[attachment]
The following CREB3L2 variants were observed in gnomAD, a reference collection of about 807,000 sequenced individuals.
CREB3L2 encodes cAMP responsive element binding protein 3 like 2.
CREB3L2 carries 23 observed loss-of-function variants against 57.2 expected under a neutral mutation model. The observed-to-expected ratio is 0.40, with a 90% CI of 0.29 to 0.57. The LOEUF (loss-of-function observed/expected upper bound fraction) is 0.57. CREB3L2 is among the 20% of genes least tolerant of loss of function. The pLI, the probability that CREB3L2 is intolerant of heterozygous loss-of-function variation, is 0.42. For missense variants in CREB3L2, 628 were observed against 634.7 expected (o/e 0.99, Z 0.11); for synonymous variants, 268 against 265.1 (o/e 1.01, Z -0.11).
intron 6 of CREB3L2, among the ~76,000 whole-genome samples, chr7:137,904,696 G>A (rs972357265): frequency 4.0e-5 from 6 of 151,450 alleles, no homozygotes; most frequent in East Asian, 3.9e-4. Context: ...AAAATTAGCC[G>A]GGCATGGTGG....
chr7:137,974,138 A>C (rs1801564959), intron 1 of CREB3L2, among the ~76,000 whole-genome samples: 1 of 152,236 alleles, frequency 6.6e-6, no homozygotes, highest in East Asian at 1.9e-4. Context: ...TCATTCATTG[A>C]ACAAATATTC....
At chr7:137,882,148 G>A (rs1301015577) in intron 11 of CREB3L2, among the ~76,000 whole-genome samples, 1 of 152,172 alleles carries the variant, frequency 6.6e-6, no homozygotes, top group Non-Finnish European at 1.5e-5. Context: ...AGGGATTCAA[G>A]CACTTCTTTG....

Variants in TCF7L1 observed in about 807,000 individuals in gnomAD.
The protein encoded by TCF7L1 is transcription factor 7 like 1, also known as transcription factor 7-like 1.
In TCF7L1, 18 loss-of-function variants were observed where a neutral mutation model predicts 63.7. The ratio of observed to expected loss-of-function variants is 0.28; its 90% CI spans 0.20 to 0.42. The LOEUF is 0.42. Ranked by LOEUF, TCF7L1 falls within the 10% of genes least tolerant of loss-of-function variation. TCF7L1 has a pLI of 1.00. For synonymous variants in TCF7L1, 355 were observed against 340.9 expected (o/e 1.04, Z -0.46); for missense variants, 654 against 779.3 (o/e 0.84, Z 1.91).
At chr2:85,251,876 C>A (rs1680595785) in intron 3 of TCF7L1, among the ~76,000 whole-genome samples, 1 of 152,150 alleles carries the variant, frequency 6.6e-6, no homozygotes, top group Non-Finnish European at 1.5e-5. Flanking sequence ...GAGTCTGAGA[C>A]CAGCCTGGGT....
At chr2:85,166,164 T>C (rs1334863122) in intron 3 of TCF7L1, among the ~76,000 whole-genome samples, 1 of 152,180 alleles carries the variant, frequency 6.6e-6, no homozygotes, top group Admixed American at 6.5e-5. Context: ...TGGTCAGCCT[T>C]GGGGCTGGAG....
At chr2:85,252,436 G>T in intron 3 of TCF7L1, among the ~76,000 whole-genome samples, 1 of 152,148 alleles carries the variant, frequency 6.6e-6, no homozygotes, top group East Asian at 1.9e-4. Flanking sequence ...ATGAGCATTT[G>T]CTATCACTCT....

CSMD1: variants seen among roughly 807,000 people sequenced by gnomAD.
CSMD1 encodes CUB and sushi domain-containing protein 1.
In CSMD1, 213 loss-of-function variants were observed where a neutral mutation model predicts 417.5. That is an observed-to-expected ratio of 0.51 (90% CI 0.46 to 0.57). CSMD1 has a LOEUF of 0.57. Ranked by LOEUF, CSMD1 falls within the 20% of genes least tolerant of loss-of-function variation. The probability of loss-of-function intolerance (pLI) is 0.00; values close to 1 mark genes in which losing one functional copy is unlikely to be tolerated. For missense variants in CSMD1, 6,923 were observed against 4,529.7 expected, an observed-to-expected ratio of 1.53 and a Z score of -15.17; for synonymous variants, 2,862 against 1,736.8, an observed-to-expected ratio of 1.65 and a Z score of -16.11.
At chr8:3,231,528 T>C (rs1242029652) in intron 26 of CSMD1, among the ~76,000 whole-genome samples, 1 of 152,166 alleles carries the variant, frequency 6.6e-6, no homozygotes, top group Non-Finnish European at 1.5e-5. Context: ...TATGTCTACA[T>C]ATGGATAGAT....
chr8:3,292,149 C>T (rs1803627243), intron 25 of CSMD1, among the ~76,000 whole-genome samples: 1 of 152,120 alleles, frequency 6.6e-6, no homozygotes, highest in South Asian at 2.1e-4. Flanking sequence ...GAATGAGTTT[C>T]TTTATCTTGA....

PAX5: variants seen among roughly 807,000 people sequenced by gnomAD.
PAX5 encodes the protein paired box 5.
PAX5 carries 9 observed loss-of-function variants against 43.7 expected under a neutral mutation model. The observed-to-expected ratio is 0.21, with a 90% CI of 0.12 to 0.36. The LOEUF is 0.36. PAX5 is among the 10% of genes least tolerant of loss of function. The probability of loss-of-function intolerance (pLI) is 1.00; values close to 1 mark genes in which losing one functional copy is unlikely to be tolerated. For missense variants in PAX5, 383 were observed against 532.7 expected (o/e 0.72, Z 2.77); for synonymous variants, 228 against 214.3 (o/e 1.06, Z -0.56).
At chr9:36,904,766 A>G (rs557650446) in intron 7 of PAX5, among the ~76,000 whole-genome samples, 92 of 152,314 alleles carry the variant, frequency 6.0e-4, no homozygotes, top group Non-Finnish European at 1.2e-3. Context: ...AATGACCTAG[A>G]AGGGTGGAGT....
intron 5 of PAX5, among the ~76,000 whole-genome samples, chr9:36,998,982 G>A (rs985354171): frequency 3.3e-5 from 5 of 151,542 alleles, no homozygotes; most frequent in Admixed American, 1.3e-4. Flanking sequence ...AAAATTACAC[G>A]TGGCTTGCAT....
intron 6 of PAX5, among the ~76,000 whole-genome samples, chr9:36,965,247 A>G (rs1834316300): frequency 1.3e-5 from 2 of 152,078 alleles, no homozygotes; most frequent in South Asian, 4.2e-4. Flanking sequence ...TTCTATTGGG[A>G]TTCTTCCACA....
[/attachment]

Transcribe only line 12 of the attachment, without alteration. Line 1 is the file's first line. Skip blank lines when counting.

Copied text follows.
At chr2:85,252,436 G>T in intron 3 of TCF7L1, among the ~76,000 whole-genome samples, 1 of 152,148 alleles carries the variant, frequency 6.6e-6, no homozygotes, top group East Asian at 1.9e-4. Flanking sequence ...ATGAGCATTT[G>T]CTATCACTCT....